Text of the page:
232 pp., 6.125 x 9.25, 15 photographs, notes, bibl., index
The Gendering of Corporate Welfare, 1890-1930
The beginning of the twentieth century witnessed a remarkable growth of corporate welfare programs in American industry. By the mid-1920s, 80 percent of the nation's largest companies--firms including DuPont, International Harvester, and Metropolitan Life Insurance--engaged in some form of welfare work. Programs were implemented to achieve goals that ranged from improving basic workplace conditions, to providing educational, recreational, and social opportunities for workers and their families, to establishing savings and insurance plans.
Employing the critical lens of gender analysis, Nikki Mandell offers an innovative perspective on the development of corporate welfare. She argues that its advocates sought to build a new relationship between labor and management by recasting the modern corporation as a Victorian family. Employers assumed the authoritative position of fathers, assigned their employees the subordinate role of children, and hired male and female welfare managers to act as "corporate mothers" charged with creating a harmonious household. But internal conflict and external pressures weakened the corporate welfare system, and it eventually gave way to a system of personnel management and employee representation. With the abandonment of the familial model, the form of corporate welfare changed; but, as Mandell demonstrates, its content left an enduring legacy for modern industrial relations.
"An engaging and well-documented analysis of both corporate and social structure in the US. . . . This appealing history will interest and benefit general readers and undergraduate and graduate students."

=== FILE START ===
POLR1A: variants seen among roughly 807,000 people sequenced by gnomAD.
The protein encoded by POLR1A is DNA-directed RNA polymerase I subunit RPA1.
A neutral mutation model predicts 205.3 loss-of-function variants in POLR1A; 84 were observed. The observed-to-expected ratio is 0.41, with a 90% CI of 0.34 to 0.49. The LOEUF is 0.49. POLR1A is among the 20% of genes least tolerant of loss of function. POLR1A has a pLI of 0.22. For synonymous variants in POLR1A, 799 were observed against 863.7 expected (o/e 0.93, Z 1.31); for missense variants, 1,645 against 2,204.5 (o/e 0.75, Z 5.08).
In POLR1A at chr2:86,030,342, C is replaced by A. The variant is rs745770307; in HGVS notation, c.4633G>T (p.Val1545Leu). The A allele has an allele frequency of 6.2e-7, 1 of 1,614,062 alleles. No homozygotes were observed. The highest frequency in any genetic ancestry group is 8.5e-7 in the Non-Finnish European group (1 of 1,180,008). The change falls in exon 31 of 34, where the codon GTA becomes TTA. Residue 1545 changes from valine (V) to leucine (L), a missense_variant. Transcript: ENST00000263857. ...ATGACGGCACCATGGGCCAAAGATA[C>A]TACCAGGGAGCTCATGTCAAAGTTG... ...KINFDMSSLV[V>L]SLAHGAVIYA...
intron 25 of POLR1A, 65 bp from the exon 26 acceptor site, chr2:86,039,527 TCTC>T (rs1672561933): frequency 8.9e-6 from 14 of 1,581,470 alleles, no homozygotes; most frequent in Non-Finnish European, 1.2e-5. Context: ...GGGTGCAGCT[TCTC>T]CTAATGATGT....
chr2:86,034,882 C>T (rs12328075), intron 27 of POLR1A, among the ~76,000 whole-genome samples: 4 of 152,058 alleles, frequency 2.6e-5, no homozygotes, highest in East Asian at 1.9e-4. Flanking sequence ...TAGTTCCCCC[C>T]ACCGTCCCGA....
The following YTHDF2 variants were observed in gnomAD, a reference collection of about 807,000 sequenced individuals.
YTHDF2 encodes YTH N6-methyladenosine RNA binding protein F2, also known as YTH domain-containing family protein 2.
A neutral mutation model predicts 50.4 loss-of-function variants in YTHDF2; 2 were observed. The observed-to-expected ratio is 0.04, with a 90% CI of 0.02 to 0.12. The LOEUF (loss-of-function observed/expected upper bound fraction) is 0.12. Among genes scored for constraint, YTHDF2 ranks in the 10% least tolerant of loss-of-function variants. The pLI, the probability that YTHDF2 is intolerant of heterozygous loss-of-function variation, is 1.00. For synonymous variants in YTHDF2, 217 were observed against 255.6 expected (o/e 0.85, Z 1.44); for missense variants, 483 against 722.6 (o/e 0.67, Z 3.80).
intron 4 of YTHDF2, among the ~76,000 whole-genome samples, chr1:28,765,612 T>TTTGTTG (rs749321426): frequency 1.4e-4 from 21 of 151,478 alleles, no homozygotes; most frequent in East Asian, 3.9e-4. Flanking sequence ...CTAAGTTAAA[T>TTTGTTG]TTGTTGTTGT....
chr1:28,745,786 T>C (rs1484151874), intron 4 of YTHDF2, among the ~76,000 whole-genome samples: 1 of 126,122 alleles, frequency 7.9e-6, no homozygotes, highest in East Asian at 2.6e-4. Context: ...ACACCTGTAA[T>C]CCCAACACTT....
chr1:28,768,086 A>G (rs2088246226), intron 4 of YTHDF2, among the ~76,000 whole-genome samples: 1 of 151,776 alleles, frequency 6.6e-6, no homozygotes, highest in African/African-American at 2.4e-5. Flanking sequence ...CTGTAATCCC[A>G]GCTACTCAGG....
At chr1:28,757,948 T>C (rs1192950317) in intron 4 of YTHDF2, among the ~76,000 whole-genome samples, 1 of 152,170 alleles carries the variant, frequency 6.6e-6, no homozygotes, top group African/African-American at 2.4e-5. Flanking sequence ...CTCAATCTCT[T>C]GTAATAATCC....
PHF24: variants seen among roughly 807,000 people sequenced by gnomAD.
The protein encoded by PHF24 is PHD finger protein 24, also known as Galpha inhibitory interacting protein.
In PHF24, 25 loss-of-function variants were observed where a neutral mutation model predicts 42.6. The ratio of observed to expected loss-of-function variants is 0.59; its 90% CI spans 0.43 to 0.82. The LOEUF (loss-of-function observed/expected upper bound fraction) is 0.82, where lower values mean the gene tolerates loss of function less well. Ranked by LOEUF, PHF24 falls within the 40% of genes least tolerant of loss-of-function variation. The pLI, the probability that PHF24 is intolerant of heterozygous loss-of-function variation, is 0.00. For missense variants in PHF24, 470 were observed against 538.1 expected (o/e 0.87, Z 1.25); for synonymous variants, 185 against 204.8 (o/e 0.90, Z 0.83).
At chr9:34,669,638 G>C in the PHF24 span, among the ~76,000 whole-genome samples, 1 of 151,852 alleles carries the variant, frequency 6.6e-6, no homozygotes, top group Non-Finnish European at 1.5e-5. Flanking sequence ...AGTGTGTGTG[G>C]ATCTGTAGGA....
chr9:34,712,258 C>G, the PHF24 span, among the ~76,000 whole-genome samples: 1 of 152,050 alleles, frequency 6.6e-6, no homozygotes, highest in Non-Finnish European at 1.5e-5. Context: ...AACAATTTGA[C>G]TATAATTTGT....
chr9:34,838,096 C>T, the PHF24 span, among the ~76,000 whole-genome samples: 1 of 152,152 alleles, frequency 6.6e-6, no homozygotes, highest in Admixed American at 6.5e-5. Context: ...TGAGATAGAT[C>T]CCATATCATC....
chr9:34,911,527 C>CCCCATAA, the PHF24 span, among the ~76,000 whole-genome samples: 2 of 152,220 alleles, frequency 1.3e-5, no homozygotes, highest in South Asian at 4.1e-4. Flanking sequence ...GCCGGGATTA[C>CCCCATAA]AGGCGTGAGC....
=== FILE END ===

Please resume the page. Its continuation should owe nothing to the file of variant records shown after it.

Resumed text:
"Provides a useful synthesis of the literature on corporate welfare and the development of corporate organization in the period. In addition, its careful treatment of the impact of gender ideologies on the emergence of middle management and subtle handling of welfare work should be of interest to scholars of business, labor, and women's history, class relations, and the history of professionalism."
--American Historical Review
"A sparkling and original contribution. . . . [Mandell] treats corporate welfare as a three-way rather than a binary relation, and she offers a thoughtful gender analysis of the whole project."
--Journal of American History
"[Mandell's] research is provocative and pushes the historiography of family, business, and reform in the early twentieth century in promising new directions."
--Law and History Review
"A lively portrait of the women and men who first sought to manage labor relations, adding a needed dimension to existing histories of management and contributing to a growing literature on gender and business."
--Enterprise & Society
"In this pathbreaking work, Nikki Mandell places corporate welfare workers rather than industrialists at the center of her story. In so doing, she moves well beyond usual treatments of corporate welfare programs as merely anti-union devices used by employers to undermine the legitimate grievances of their workers."
--Joe William Trotter Jr., Carnegie Mellon University
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